Hands UDM Image by truthseeker08 from Pixabay Why is a unified data model important for Professional Services Organisations? This is one question that a recently published Mavenlink whitepaper (registration required) authored by Roy Edwards of Enterprise Times seeks to answer. At ten pages in length, the whitepaper delves into the reasons why an organisation should consider a unified data model. It explains what one is and the benefits of one.

Roger Neel, CTO, Mavenlink
Roger Neel, CTO, Mavenlink

Roger Neel, Chief Technical Officer and Founder at Mavenlink commented: “A unified data model is a business process supporting tools and applications. It’s entirely about how real users interact with business processes. You have to model their day-to-day life, including interactions with the various components of a unified model such as timesheets, utilization and staffing reports, project management software, PSA. Pulling data together, normalizing it, and then being able to get real insight on it.”

The whitepaper then delves into why an organisation should rethink its decision on how it holds data. There is no doubt that a unified data model has advantages. It also acknowledges that there are challenges to creating one. However, the counter-argument of a distributed data model is not detailed. Is this a flaw in the whitepaper, perhaps? However, few would argue with the approach, with many vendors such as Workday (with its Power of One) also evangelising the benefits.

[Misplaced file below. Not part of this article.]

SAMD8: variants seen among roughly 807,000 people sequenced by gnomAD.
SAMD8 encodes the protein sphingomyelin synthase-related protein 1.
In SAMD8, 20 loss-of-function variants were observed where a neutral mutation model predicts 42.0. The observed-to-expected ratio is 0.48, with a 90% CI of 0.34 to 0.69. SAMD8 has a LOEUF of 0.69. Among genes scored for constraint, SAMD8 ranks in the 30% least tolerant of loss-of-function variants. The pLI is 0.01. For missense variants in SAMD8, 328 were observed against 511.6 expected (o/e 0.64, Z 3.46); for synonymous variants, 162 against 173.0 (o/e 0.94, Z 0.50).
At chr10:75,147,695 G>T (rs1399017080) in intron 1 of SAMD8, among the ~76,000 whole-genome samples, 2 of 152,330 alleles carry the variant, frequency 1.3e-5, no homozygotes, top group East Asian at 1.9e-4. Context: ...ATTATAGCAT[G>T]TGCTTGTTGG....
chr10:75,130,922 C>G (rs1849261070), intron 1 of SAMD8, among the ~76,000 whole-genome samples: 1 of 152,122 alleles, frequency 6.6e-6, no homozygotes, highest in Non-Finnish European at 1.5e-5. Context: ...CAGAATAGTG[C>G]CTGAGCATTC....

The meat of the whitepaper then provides some practical steps for organisations to approach deploying a unified data model, what it looks like and how to take advantage of it.

Why this whitepaper is worth a read

Edwards delivers a comprehensive ten-step process for any organisation looking to deploy a unified model. He picks out and explains each step clearly. Where the subject such as data transformation cannot be covered within the scope of the paper, he references blogs that explain them in more detail. For any business leader contemplating the move to a unified data model, this is a useful resource for any relevant project

After the useful ten steps, he then explains nine factors that purchasing teams can use to assess the different data models available. Each factor includes questions to ask potential vendors during a procurement, ensuring that the right solution is chosen.

The closing sections provide more practical advice and takeaways. Edwards cites four attributes that every unified data model should contain:

  • Scalable
  • Accessible
  • Structure and Intuitive
  • Automated

The inference is that if the organisation selects a unified data model that does not include all of these, they have probably chosen the wrong one.

Enterprise Times: What does this mean

This is the second in a series of whitepapers that Enterprise Times created for Mavenlink. The paper draws on the authors deep experience of deploying solutions. Unusually it presents the reader with several take-outs that many readers can use for their documents and research.  Organisations considering how they want to leverage their data will find this a useful tool.

Where the whitepaper falls short is in making a case for a distributed data model. With Mavenlink advocating a unified data model, this comes as little surprise. However, there are use cases where a DDM makes sense, though most vendors are advocates of the UDM approach.


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